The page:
This is the second guest post coming from Michigan Law Professor Nicholson Price‘s seminar merging science fiction and legal analysis. The author here – Kamie Cashette points her sights on the 2015 novel by American SciFi author Paolo Bacigalupi – The Water Knife. – DC
Guest Post by Kamie Cashette
Paolo Bacigalupi’s novel The Water Knife depicts the American Southwest in the not-so-distant future. Climate change has exacerbated an already scarce water supply, corporate interests have severely weakened the federal government, and states fight for water rights in ways that put Don Corleone to shame. State water agencies send employees to engage in guerrilla warfare-style tactics, like blowing up water-treatment plants and bombing dams, to make sure their territories come out on top. The places that do not manage to secure enough precious water rights, like Arizona, house masses of refugees desperate to escape to water-wealthy havens.
The world portrayed by The Water Knife strikes a particularly terrifying chord, mostly because of how plausible it seems. Bacigalupi makes painstaking efforts to incorporate modern day references into the book, from the third intake valve in Lake Mead that finished construction in 2015 to the image of a toothless Britney Spears. Moreover, the impending disappearance of the water supply in major cities like Cape Town, South Africa further bridges the gap between the dystopian universe portrayed in the book and reality.
Bacigalupi’s world also seems to fit into a potentially realizable legal sphere. Today, Western states follow the prior appropriation doctrine to allocate water rights: someone who established a use of water decades or even a century ago has a higher priority over that usage than someone who begins tapping into that water today. In other words, all junior water rights holders lose all of their water before the senior water rights holder has to give up a single drop. In a world of water scarcity, that makes senior water rights invaluable.
The Water Knife takes the legal framework of water rights in the West and realistically portrays the incentivized behavior in situations of extreme resource scarcity. The book centers around water rights “senior to God” that give Phoenix, Arizona some of the most senior rights on record. If Phoenix had knowledge of those rights, it would have legal claim to the water before any other state, giving it the ability to rise from its drought-induced ashes and to lay waste to its neighboring competitors. The lengths people are willing to go to in the book to get their hands on the water rights illustrates how a system of senior water rights in a situation of resource scarcity compels actors to fight each other tooth and nail instead of cooperating. As one of the characters remarks, a “[l]ot of people end up dead around these rights.”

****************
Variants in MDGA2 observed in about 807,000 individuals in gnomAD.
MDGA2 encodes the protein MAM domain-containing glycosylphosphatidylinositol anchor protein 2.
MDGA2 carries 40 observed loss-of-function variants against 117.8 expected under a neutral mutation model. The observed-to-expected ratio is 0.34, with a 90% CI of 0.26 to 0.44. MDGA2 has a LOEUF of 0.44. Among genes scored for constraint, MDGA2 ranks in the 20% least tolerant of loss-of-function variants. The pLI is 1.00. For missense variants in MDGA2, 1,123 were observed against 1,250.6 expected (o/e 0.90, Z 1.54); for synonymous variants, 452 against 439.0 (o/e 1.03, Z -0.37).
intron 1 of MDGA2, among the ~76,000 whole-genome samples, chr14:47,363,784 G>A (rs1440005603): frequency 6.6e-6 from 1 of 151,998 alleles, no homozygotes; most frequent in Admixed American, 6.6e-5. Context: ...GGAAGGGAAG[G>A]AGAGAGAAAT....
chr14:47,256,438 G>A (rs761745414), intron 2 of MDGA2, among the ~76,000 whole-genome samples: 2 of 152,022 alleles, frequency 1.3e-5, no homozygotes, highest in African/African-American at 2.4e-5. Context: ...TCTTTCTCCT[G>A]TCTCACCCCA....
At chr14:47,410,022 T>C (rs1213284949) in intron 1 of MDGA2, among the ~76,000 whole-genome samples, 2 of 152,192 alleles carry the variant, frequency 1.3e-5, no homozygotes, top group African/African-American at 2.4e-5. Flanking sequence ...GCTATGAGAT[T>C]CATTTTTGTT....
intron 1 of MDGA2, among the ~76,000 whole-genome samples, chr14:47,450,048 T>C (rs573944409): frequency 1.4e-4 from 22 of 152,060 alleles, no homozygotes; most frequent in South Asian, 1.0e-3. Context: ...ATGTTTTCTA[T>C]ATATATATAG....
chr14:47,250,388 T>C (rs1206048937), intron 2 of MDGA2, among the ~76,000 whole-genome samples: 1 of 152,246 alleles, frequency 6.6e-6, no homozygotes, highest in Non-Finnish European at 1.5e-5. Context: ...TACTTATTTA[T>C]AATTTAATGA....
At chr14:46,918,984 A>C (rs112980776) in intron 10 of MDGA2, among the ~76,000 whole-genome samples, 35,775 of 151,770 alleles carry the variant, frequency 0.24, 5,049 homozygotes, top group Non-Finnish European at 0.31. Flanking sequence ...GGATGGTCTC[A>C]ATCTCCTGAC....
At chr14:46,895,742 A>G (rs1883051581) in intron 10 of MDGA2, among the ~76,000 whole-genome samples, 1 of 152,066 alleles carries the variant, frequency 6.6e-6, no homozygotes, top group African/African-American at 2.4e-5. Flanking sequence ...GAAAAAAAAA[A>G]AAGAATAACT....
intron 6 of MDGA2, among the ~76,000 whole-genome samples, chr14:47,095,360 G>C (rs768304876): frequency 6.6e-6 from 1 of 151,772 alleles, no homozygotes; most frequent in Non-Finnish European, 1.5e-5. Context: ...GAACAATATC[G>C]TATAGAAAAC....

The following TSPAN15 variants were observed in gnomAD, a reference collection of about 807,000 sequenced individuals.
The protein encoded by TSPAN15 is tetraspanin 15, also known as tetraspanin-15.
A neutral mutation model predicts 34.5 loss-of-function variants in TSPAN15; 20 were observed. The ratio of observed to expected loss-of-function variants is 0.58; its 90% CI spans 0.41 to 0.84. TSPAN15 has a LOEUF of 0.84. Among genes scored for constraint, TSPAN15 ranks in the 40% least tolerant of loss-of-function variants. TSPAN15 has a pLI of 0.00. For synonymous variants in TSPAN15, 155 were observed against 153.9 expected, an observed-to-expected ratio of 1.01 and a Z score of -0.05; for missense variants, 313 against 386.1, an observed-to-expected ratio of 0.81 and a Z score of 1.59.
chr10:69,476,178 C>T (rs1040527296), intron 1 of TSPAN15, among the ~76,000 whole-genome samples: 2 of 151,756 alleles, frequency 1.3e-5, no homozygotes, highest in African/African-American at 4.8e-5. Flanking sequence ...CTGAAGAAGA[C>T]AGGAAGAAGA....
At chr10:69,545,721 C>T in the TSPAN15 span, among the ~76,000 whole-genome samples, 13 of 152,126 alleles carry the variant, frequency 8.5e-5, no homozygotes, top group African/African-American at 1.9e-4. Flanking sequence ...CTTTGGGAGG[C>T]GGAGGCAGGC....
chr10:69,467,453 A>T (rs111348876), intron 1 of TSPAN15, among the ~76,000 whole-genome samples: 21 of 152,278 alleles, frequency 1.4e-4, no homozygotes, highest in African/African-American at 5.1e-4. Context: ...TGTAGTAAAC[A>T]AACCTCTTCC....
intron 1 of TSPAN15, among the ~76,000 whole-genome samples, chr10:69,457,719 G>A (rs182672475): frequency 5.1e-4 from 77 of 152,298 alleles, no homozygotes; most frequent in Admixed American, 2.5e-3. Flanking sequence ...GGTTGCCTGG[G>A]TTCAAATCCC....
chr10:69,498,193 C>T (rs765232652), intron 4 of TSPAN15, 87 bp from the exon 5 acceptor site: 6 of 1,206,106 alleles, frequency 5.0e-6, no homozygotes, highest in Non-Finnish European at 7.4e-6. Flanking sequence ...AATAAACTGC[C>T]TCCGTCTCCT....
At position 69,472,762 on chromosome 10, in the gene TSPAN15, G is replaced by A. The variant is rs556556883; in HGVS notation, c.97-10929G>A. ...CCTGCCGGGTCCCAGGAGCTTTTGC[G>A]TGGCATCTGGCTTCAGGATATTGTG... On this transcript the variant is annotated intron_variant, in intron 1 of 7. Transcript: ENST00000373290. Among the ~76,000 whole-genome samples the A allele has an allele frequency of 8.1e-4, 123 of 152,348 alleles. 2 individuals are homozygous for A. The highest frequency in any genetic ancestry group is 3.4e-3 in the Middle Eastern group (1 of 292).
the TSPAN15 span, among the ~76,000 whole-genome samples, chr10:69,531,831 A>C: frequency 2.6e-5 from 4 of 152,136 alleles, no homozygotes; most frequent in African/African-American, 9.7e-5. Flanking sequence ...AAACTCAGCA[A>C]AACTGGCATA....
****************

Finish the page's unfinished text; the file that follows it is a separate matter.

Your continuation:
Moreover, while the book’s portrayal of militant states and the practically non-existent role of the federal government seems outrageous, it may be within the realm of possibility. In The Water Knife, Congress passes a piece of legislation called the State Sovereignty Act, which allows states to stop U.S. citizens from other states from crossing into their borders. Freedom of movement between states has long been recognized as a fundamental constitutional right, and any suspension of that right is subject to strict scrutiny. However, as the infamous decision of Korematsu v. United States illustrates, rights subject to strict scrutiny have yielded to emergency and security concerns in the past. A drought so severe that it causes entire states to utterly collapse as Bacigalupi depicts could arguably fit that bill.
While the predicted Water Knife world is plausible, it is certainly not set in stone. State and local governments are trying to step in to mitigate the effects of climate change where the federal government has not. Among these efforts are lawsuits filed by cities across the country against oil companies for their contributions to global warming. Additionally, on the national level, Professor Rhett Larson proposes shifting from an environmental policy paradigm hinging on climate change to one based on water security. Larson also suggests using a regional approach to water security based around water basins instead of a state-by-state prior appropriations system. A book like The Water Knife that highlights the dangers of the Western water rights system and water insecurity in general makes an approach like the one advocated for by Larson more salient, and it sends a clear warning about what the future could hold. Whether the United States heeds that warning remains to be seen.
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 James Longman, The Apocalyptic Atmosphere in Cape Town as Residents Struggle to Survive: Reporter’s Notebook, ABC News (Feb. 21, 2018, 1:06 PM), http://abcnews.go.com/International/reporters-notebook-apocalyptic-atmosphere-cape-town-residents-struggle/story?id=53217859.
 Jon Kerrin, Theewaterskloof Dam, South Africa, South African (2017), https://www.thesouthafrican.com/wp-content/uploads/2017/03/Jon-Kerrin-Theewaterskloof3.jpg.
 See, e.g., Prior Appropriation Law, Colo. Dep’t Nat. Resources, http://water.state.co.us/surfacewater/swrights/pages/priorapprop.aspx (last visited Feb. 23, 2018).
 See, e.g., United States v. Wheeler, 254 U.S. 281, 293 (1920); Saenz v. Roe, 526 U.S. 489, 500 (1999).
 323 U.S. 214 (1944).
 See, e.g., David Zahniser, L.A. Lawmakers Look to Sue Big Oil Companies Over Climate Change—And the Costs that Stem from It, L.A. Times (Jan. 13, 2018, 5:00 AM), http://www.latimes.com/local/lanow/la-me-ln-climate-change-lawsuit-20180113-story.html.